Winifred Rudge, a bemused writer struggling to get beyond the runaway success of her mass-market astrology book, travels to London to jump-start her new novel about a woman who is being haunted by the ghost of Jack the Ripper. Upon her arrival, she finds that her stepcousin and old friend John Comestor has disappeared, and a ghostly presence seems to have taken over his apartment in the nineteenth-century rowhouse once owned by Winnie's great-great-grandfather. Is it the spirit of this ancestor, who, family legend claims, was Charles Dickens's childhood inspiration for Ebenezer Scrooge? Could it be the ghostly remains of Jack the Ripper? Or a phantasm derived from a more arcane and insidious origin?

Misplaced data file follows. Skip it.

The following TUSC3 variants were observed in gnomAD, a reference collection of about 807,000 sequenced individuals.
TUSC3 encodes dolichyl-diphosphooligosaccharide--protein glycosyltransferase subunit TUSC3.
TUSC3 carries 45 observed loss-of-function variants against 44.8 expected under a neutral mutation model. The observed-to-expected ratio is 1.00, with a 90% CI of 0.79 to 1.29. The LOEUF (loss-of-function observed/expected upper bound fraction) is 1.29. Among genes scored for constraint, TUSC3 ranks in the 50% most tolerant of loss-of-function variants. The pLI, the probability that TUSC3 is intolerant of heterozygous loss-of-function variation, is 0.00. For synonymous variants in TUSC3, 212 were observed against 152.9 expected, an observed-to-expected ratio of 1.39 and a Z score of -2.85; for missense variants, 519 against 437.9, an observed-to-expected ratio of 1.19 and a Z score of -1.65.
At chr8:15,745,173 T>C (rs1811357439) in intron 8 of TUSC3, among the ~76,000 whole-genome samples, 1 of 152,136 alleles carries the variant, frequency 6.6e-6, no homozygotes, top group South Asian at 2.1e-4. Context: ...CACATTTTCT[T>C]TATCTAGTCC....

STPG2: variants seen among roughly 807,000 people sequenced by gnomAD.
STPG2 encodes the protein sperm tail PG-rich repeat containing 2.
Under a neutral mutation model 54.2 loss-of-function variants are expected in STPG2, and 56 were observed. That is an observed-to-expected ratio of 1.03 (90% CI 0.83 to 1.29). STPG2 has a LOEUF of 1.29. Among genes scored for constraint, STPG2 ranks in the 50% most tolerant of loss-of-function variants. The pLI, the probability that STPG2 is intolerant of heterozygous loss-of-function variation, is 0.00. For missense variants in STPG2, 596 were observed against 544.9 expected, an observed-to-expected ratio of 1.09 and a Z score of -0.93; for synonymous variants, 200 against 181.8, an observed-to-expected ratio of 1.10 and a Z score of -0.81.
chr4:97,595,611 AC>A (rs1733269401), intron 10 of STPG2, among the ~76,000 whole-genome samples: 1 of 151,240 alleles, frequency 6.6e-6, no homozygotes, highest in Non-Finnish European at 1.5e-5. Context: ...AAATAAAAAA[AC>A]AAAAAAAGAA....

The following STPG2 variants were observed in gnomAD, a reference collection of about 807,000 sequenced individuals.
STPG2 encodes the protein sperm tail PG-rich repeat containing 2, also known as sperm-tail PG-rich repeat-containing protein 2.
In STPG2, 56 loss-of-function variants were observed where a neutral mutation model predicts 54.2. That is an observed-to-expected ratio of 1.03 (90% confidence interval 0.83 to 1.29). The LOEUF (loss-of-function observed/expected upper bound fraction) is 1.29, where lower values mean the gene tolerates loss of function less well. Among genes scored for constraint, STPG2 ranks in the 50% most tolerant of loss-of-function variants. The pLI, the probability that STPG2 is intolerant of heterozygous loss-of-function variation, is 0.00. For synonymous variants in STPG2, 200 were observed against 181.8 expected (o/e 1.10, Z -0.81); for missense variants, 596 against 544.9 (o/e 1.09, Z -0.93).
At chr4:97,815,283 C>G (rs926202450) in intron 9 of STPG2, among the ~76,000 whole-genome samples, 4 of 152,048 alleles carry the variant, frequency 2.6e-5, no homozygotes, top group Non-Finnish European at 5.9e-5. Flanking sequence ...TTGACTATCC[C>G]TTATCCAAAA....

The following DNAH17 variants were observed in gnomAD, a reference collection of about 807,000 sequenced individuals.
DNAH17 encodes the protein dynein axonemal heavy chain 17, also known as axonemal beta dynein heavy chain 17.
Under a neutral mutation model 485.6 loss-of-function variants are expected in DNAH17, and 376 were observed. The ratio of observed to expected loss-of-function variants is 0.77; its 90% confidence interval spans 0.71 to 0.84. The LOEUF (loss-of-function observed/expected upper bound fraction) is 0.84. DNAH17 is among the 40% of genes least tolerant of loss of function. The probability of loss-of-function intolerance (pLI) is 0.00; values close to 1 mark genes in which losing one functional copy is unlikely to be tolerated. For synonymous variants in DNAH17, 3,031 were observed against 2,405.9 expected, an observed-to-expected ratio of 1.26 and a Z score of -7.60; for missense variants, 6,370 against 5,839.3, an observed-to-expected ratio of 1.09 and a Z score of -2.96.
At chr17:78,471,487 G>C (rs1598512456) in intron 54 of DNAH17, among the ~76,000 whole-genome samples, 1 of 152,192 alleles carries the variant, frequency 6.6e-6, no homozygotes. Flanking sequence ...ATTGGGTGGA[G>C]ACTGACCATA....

Winnie begins to investigate, but John's erstwhile girlfriend, Allegra, is aggressively unhelpful, and his downstairs neighbor, the cat-obsessed Mrs. Maddingly, is growing stranger by the day. Gripped by inspiration and desperation alike, Winnie finds herself the unwilling audience for a drama of specters and shades, some from her family's peculiar history and some from her own unvanquished past.
In the spirit of A. S. Byatt's Possession, with dark overtones echoing from A Christmas Carol, Lost presents a rich fictional world that will enrapture Gregory Maguire's eager audience.